Krugman then claimed that European nations began following the flawed research of Reinhart and Rogoff, a policy that led to economic disaster. “By the summer of 2010, then, a full-fledged austerity orthodoxy had taken shape, becoming dominant in European policy circles and influential on this side of the Atlantic. So how have things gone in the almost three years that have passed since?” So was Krugman correct in claiming European nations engaged in the practice of balanced budgets and paying off debt? No. Nearly all the European governments — like the United States — continued to pile up debt over the past three years. Despite this fact, Krugman claims, “The turn to austerity was very real, and quite large.”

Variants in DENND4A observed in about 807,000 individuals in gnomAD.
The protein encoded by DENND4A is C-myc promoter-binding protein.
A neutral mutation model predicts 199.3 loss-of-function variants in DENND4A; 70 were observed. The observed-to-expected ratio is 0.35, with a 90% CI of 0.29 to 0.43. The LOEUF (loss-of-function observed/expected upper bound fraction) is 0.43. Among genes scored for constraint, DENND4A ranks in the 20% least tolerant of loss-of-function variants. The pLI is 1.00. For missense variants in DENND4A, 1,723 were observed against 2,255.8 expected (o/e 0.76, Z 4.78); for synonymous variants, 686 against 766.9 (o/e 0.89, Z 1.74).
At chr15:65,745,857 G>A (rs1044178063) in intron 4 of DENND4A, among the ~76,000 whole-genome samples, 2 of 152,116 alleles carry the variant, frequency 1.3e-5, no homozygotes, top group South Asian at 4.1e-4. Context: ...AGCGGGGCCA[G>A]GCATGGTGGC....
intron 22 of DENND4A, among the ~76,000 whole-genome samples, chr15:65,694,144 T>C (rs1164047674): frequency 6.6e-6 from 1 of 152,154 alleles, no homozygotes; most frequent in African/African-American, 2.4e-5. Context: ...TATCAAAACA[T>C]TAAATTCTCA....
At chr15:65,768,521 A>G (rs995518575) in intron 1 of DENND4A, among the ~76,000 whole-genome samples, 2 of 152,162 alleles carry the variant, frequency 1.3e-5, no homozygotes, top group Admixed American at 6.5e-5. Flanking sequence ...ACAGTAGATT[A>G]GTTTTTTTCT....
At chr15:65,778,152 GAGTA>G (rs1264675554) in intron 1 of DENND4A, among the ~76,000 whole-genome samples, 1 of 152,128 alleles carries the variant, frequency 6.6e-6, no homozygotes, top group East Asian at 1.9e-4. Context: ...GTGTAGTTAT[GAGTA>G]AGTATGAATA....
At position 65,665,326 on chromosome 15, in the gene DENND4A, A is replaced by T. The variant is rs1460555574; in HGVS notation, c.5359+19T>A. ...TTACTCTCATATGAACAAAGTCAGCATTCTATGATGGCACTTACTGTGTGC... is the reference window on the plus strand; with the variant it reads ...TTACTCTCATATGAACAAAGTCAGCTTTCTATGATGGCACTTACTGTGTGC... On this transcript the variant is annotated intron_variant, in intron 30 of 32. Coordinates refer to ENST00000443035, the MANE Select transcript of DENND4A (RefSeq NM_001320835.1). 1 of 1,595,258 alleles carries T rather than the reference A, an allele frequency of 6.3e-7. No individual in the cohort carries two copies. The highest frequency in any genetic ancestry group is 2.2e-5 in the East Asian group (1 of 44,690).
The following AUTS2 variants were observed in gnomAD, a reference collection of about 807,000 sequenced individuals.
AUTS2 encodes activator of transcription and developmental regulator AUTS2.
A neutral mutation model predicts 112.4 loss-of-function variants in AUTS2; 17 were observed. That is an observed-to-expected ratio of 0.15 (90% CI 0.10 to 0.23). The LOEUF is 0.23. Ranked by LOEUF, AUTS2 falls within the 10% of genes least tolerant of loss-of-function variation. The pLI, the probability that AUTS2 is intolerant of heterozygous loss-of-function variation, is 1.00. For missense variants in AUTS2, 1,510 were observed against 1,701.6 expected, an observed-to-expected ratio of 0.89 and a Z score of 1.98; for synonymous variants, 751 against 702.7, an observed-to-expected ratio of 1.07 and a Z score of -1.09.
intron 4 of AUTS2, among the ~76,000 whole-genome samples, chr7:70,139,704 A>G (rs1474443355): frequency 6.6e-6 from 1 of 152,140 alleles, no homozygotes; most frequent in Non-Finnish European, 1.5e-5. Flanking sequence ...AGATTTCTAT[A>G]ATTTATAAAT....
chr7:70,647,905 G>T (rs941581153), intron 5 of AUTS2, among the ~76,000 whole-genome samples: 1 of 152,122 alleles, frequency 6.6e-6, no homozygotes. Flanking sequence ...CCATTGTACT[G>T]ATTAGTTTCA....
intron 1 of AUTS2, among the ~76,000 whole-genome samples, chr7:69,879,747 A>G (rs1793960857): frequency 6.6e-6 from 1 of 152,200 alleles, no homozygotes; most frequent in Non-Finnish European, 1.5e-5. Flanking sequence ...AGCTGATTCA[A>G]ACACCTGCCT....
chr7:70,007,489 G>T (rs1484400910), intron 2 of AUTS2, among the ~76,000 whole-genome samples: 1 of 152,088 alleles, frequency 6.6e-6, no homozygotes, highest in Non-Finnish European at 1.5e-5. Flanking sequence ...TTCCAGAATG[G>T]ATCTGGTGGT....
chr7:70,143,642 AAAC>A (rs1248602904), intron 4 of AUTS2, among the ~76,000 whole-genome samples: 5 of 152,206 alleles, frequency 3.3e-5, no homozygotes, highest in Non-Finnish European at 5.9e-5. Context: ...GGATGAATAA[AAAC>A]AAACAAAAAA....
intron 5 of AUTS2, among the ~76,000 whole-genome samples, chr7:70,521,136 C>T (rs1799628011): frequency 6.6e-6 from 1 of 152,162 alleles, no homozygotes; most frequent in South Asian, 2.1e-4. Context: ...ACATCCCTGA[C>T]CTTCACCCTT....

Krugman goes on to claim that “Greece imposed spending cuts and tax increases amounting to 15 percent of GDP; Ireland and Portugal rang in with around 6 percent; and unlike the half-hearted efforts at stimulus, these cuts were sustained and indeed intensified year after year. So how did austerity actually work? The answer is that the results were disastrous — just about as one would have predicted from textbook macroeconomics.” Of course, Greece, Ireland, and Portugal did engage in some moderate spending cuts from their historic high deficit levels, but these cuts were imposed by international financial markets rather than internal “austerity” impulses. And these cuts were not nearly enough to balance their budgets — not even in one year. If continued passage of massive government spending deficits constitutes “austerity” in the mind of Krugman, one has to ask: What does the word “austerity” mean, other than as an economic cuss-word employed by the political Left?